Washougal High students honored for creating ‘welcoming school community’

Local school is first on West Coast to win nationwide Jostens Culture Challenge

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It was early in the morning on Nov. 23 — the last day of school before Thanksgiving break — and Washougal High School students stood outside their school, next to a large cart filled with cups of hot chocolate, waiting patiently for school buses to arrive.

When the buses started to pull into the high school’s parking lot, the students greeted the bus drivers with smiles, words of appreciation and hot cups of cocoa.

Now, those same students are the ones receiving appreciation for their kindness.

Jostens, a Minneapolis-based school memorabilia manufacturer, named Washougal High School as one of three winners of its “Culture Challenge,” a national competition that aims to empower students to work with staff members to create a welcoming and inviting school community.

“When I told (the students) we had won, they were so excited. They started clapping and cheering,” said Kyla Ritchey, Washougal High’s Associated Student Body (ASB) advisor and leadership in project management teacher. “We’re the first school on the West Coast to win, so it’s super exciting. Because I knew that there weren’t any schools on the West Coast that had won, I went into it, like, ‘We’re probably not going to win, but this is a good opportunity for them to take ownership of a project.’ They ran with it and worked so hard on it.”

More than 90 schools entered the competition, which was coordinated through Jostens’ Renaissance Education platform, a framework for building a culture where educators and school staff love their jobs and students thrive in school, Ritchey said.

“One of the things they highlighted about us was that the students worked together, not just within the student groups, but with staff to pull this together, to recognize the bus drivers and do something kind,” Ritchey said. “I think that was something that (Jostens) wanted to recognize, that they thought was special. It wasn’t just the students; it was that the students then reached out to other groups of people within the high school to work together to recognize another group of people.”

Ritchey learned about the competition at a Jostens Renaissance Education conference in July and told her students about it during the start of the 2023-24 school year.

“I said, ‘There’s one that’s coming up. I think it’s something that we can totally do. Are you guys up to the challenge?’ They were like, ‘Yeah, let’s do it,’” she said. “They looked at the challenge and asked me questions about it, and we brainstormed (ideas), because it was a very, very generic challenge: ‘We want you to recognize your transportation department.’ And we were like, ‘OK, so what can we do?’”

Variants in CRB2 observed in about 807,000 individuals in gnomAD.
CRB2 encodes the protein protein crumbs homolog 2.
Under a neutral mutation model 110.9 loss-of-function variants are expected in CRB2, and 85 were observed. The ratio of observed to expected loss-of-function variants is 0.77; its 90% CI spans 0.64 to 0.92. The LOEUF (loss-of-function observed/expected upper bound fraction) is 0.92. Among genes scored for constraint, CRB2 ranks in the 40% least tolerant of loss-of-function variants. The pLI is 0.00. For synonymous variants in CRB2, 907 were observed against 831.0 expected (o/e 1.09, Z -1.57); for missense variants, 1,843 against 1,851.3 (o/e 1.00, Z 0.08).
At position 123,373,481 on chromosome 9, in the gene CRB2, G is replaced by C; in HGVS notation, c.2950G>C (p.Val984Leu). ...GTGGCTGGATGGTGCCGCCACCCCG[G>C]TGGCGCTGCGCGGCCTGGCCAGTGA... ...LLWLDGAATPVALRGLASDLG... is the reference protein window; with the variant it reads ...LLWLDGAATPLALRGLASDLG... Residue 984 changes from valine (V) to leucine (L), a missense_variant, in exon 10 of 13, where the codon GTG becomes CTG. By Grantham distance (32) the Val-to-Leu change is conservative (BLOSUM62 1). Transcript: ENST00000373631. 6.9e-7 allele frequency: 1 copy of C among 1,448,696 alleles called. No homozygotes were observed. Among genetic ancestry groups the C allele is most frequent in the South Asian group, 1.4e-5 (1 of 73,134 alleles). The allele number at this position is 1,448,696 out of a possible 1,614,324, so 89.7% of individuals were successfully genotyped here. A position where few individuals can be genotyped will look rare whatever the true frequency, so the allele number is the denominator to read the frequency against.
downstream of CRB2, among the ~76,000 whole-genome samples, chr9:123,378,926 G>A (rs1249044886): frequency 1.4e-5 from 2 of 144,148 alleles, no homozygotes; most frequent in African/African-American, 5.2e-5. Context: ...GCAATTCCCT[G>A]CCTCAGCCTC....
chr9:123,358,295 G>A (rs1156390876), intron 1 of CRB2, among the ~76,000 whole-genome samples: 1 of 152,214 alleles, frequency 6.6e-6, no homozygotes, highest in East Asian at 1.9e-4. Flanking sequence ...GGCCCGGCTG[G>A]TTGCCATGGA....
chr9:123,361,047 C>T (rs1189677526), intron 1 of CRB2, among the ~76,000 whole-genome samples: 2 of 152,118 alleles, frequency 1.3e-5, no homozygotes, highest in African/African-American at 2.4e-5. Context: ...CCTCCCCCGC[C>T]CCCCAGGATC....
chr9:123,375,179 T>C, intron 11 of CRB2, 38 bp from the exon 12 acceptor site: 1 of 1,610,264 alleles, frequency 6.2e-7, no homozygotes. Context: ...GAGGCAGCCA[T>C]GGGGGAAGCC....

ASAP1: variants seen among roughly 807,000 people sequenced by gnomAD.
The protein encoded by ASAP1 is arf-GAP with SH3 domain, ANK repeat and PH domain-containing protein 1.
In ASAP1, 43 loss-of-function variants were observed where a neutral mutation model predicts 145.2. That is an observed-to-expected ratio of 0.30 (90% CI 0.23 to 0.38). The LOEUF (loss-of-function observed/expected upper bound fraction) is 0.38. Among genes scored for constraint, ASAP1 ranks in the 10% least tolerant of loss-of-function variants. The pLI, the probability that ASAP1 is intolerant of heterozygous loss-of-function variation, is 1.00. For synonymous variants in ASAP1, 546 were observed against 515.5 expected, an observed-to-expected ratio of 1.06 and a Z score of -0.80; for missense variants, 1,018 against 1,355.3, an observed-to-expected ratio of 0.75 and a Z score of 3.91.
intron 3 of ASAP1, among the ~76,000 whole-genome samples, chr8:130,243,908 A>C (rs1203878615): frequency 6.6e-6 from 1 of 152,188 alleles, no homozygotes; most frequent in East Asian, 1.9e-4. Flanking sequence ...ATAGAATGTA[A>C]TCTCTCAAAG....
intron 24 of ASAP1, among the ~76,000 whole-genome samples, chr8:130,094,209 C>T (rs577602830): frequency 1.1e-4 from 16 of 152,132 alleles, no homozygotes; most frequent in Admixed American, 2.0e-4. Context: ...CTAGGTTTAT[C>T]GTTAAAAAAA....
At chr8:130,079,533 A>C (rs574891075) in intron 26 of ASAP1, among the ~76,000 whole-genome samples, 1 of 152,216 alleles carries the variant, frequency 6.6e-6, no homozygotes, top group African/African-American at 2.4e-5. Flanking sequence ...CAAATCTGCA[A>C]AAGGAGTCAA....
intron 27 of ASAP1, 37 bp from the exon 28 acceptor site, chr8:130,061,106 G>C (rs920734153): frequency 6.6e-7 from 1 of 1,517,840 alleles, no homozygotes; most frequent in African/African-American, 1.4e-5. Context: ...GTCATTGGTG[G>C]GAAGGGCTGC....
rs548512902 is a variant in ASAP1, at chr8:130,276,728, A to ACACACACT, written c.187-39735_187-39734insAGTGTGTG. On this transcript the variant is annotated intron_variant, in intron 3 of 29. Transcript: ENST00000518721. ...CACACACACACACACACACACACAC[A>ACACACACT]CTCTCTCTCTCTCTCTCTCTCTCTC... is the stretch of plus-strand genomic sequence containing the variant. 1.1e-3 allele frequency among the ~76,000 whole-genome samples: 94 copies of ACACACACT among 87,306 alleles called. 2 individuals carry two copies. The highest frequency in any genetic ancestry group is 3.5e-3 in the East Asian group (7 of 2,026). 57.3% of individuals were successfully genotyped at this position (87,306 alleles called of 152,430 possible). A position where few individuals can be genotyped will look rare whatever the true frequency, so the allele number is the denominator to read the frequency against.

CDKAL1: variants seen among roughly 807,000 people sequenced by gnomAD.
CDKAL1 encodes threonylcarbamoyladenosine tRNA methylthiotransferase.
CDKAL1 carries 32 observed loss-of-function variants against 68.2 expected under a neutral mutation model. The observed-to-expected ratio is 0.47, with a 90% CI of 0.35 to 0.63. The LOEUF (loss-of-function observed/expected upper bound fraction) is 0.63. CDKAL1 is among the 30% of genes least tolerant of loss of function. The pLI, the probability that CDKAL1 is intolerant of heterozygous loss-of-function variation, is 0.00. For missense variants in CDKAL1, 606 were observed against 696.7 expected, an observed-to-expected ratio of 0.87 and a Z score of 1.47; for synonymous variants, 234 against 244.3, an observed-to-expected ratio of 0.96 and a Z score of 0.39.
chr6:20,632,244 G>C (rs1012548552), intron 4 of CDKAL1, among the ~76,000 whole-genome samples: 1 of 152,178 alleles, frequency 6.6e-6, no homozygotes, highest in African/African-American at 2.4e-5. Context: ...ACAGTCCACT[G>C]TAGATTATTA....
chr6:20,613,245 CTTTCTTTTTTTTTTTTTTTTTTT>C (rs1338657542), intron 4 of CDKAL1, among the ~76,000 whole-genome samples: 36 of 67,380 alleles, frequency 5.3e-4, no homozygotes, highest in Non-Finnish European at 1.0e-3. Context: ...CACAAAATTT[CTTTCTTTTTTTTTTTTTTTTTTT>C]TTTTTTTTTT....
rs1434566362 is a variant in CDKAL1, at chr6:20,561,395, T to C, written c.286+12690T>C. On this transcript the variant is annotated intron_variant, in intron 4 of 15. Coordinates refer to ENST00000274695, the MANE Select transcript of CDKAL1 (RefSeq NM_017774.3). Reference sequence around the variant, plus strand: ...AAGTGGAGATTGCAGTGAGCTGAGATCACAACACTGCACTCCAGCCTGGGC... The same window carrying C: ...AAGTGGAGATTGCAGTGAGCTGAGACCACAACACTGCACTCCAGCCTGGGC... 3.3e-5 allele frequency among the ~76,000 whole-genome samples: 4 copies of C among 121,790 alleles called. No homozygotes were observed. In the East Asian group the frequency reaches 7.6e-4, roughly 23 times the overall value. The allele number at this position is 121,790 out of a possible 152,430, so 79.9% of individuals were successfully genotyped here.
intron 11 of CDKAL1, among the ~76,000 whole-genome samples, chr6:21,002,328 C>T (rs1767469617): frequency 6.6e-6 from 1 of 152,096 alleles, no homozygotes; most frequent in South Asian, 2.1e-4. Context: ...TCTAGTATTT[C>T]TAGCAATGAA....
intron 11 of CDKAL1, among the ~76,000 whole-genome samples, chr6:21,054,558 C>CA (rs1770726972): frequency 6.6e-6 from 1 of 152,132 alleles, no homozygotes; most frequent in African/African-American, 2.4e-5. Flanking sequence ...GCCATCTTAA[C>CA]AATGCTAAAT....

Ritchey said they decided to recognize the Washougal High bus drivers, who, she said, “go through a lot, having to drive through terrible conditions in the hills of Washougal, especially this time of year.”

The students “planned all aspects of the event,” including gathering supplies, decorating cups with personalized expressions of gratitude, and preparing the beverages, according to Ritchey.

“They got to have some creative freedom with it,” she said. “I got to see them work together and work with staff members. It was just fun to see them all together laughing and having fun together and encouraging each other. The bus drivers were happy and excited. (The students) felt the happiness of, ‘We made someone’s day by just doing something small.’ It ended up being a good experience for them.”

Washougal High student leaders play an active part in creating a welcoming school climate, according to Ritchey. They meet monthly with Washougal High School Principal Mark Castle via the school’s Student Voice Council, serve as representatives to the Washougal School Board, and organize numerous community events, such as Stuff the Bus, among other activities.

“(Before the start of the school year), we had a meeting, and we were like, ‘OK, what are some of the things that we’re going to focus on?’ They talked about, ‘We want to focus on improving our culture and climate in our building, and we’re going to focus on the piece of belonging. We want students to feel like they belong in our school,’” Ritchey said. “They’ve done little things to build the feeling of belonging and improve the climate and culture within the school. Any time they do an activity, they look at it through the lens of, ‘Is this going to improve our climate and culture in the school, or is it going to bring it down?’”

Ritchey said the students’ efforts are beginning to pay off.

“I think that, every year, it gets a little bit better,” she said. “I don’t think that there’s necessarily going to be a drastic change, but I feel like there has been definite improvement. I’ve seen more students wanting to get involved in different activities, or just talking to other groups of students and getting along with each other more. The (leadership) students are very proud of the work that they’re doing, and they definitely feel like they’re doing a great job and being a great team.”